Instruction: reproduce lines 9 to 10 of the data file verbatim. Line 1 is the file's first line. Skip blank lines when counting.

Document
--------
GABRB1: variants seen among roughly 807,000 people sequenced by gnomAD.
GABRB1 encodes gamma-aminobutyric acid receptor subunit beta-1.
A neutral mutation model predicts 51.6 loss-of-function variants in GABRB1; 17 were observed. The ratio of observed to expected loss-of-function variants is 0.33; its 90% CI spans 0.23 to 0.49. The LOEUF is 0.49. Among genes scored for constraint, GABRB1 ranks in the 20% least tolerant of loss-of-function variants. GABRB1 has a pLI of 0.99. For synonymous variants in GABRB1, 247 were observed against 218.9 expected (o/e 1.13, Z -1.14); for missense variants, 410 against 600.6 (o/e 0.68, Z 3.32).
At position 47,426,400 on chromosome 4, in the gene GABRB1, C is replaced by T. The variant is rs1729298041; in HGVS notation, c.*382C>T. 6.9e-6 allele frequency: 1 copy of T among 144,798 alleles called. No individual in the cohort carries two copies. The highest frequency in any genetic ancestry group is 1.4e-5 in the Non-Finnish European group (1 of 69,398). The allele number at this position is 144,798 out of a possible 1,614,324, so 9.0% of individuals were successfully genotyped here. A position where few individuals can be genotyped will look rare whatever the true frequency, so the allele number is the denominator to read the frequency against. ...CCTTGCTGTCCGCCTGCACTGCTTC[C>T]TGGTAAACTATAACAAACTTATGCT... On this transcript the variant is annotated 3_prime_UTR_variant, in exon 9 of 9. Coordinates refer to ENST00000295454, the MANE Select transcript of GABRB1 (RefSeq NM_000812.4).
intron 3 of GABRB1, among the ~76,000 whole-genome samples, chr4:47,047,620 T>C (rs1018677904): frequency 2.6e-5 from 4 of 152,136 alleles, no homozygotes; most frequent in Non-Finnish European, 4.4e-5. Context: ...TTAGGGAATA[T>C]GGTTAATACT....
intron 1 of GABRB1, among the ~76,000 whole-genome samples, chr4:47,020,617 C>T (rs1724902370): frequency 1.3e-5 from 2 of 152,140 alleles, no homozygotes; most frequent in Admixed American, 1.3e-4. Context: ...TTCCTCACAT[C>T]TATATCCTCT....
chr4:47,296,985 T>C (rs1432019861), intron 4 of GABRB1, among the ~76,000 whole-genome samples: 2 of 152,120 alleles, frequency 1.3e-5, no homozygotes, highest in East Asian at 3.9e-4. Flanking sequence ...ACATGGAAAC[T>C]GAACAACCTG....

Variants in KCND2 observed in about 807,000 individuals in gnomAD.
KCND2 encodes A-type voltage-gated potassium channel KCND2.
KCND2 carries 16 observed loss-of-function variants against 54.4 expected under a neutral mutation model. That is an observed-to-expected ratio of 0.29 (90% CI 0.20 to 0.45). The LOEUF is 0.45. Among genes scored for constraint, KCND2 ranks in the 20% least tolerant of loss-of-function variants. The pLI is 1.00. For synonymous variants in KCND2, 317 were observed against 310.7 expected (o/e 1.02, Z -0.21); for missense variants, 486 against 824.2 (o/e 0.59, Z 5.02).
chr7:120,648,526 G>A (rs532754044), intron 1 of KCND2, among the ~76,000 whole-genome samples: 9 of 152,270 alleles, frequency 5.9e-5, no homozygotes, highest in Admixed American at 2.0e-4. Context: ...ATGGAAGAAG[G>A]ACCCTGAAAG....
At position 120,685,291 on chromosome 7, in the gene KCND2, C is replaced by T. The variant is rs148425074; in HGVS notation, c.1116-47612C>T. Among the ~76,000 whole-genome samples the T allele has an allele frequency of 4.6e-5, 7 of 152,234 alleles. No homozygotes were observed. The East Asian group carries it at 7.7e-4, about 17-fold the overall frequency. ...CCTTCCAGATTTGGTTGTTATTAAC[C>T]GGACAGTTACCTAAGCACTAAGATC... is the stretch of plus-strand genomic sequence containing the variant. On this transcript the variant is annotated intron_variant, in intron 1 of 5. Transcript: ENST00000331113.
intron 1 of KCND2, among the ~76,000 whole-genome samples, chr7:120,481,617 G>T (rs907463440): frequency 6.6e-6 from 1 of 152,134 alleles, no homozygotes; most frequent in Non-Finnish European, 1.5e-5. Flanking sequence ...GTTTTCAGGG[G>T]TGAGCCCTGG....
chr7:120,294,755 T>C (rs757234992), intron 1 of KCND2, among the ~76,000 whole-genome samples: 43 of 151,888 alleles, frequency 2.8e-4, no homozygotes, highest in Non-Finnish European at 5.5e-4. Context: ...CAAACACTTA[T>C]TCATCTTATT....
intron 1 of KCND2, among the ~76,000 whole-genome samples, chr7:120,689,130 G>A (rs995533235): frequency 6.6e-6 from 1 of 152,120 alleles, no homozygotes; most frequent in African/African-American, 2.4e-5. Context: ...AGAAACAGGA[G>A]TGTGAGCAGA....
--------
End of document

KCND2 encodes A-type voltage-gated potassium channel KCND2.
KCND2 carries 16 observed loss-of-function variants against 54.4 expected under a neutral mutation model. That is an observed-to-expected ratio of 0.29 (90% CI 0.20 to 0.45). The LOEUF is 0.45. Among genes scored for constraint, KCND2 ranks in the 20% least tolerant of loss-of-function variants. The pLI is 1.00. For synonymous variants in KCND2, 317 were observed against 310.7 expected (o/e 1.02, Z -0.21); for missense variants, 486 against 824.2 (o/e 0.59, Z 5.02).